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Henderson v. Ghosh

United States Court of Appeals, Seventh Circuit

June 18, 2014

LADELL HENDERSON, Plaintiff-Appellant,
v.
PARTHASARATHI GHOSH, et al., Defendants-Appellees

Argued January 8, 2014

Page 560

Appeal from the United States District Court for the Northern District of Illinois, Eastern Division. No. 1:10-cv-06836 -- George M. Marovich, Judge.

For LADELL HENDERSON, Plaintiff - Appellant: Leslie D. Davis, Attorney, DRINKER BIDDLE & REATH, LLP, Chicago, IL.

For PARTHASARATHI GHOSH, Doctor, EVARISTO AGUINALDO, Doctor, LIPING ZHANG, Defendants - Appellees: Michael John Charysh, Attorney, CHARYSH & SCHROEDER, LTD., Chicago, IL.

Before BAUER, WILLIAMS, and TINDER, Circuit Judges.

OPINION

Page 561

PER CURIAM.

Ladell Henderson, a prisoner at the Stateville Correctional Center in Illinois, sued health care providers and other corrections employees alleging deliberate indifference to his serious medical needs. The district court denied his motions for recruitment of counsel filed during the pleading and discovery phases of the litigation. The defendants filed a motion for summary judgment, and Henderson filed another motion for recruitment of counsel, which was granted. After counsel filed Henderson's summary judgment response, the district court granted the defendants summary judgment. Henderson now appeals from that judgment, contending that it should be overturned because of error in the denials of his requests for recruitment of counsel. We reverse.

I. Background

Henderson has been an inmate at Stateville since 1995. He was diagnosed with high blood pressure in 1999 and with diabetes in 2000. He has received some medical treatment for both conditions. In September 2009, Henderson suffered diabetic hypoglycemia and tremulous convulsions in his cell and was taken to Stateville's emergency room for evaluation. He underwent diagnostic testing, which revealed that his blood urea nitrogen, potassium, and creatinine levels were " out of range." At an appointment with Dr. Liping Zhang in early October 2009, Henderson was informed that he had a " bad kidney problem."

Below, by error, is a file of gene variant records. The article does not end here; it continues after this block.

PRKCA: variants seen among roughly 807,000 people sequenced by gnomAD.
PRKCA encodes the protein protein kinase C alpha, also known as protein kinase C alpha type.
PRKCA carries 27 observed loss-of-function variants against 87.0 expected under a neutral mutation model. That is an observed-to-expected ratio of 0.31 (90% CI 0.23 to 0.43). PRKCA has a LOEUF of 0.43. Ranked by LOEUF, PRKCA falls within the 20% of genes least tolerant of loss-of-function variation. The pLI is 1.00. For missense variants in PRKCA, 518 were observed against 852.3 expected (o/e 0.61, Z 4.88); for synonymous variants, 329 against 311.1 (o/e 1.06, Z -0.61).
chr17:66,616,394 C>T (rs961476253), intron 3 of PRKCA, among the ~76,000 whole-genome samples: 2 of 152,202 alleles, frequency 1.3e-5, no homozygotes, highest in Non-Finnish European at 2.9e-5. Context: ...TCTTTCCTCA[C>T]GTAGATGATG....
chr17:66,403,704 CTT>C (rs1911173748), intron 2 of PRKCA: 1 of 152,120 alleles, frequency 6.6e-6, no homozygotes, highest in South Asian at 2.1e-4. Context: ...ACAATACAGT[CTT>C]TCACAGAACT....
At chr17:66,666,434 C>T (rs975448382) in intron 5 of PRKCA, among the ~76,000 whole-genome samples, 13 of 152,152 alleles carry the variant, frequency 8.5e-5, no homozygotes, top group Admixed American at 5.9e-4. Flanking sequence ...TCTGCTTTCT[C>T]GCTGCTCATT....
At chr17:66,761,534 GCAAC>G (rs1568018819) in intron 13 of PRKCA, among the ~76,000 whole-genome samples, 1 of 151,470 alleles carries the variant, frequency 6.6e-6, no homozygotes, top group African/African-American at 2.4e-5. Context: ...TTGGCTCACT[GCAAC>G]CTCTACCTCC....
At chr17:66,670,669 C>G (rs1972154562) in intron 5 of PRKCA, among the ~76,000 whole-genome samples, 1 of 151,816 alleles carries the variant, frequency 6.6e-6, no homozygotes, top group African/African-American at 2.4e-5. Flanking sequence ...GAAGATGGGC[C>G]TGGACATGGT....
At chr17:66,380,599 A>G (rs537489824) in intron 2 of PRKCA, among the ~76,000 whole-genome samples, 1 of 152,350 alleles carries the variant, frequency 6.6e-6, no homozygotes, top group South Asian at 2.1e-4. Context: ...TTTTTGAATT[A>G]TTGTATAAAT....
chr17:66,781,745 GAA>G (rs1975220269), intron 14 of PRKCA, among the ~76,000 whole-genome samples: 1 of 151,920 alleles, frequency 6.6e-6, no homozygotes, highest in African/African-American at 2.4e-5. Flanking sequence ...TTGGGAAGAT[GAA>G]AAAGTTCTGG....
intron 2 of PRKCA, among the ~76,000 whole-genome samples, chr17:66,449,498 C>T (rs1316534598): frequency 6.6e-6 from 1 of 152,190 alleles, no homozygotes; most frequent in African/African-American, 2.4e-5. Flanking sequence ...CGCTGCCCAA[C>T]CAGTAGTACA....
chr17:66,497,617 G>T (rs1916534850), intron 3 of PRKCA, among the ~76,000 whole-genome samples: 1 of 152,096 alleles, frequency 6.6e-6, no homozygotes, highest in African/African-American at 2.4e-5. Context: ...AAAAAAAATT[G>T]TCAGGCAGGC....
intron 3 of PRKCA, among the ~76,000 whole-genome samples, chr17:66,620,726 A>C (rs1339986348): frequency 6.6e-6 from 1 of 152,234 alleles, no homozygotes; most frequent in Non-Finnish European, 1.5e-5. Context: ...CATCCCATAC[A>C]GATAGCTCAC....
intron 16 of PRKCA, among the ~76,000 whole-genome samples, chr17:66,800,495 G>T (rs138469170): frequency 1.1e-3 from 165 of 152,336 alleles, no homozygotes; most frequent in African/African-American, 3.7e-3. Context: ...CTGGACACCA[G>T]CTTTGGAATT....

Later that month, Henderson was seen by a nephrologist who recommended immediate hospital admission for hemodialysis surgery and treatment. At the hospital Henderson was informed that he had " end-stage" or " Stage 5 kidney failure," which he understood to mean that he would have to undergo dialysis or he would die. According to Henderson, that was the first time anyone informed him that he had kidney disease, renal insufficiency, or kidney failure. Henderson underwent a surgical procedure in order to undergo hemodialysis. He must undergo dialysis several times a week.

In October 2010, Henderson sued the defendants alleging that they acted with deliberate indifference to his serious medical needs. His complaint alleges that diagnostic testing revealed that his toxic waste levels were " out of range," but he was not notified of this fact nor treated for his kidney problems until he had reached Stage 5 kidney disease. At the same time he filed his complaint, Henderson filed a motion for leave to proceed in forma pauperis and a motion for recruitment of counsel under 28 U.S.C. § 1915(e)(1). The latter motion stated that Henderson was an inmate at Stateville, was " illiterate to" civil litigation, was " not competent to prosecute" his case, had a fifth grade education, and had presented his claims through the assistance of other inmates who had no obligation to help him. The affidavit of Lester Dobbey, the inmate who assisted Henderson in preparing his filings, was attached to the motion for counsel. The affidavit stated that Dobbey had only a GED and no formal legal education. It also said that Henderson had stated that he had a low IQ and was " incompetent" to prosecute his case himself.

In February 2011, the district court granted Henderson leave to proceed in forma pauperis and denied his motion for recruitment of counsel. The court ...


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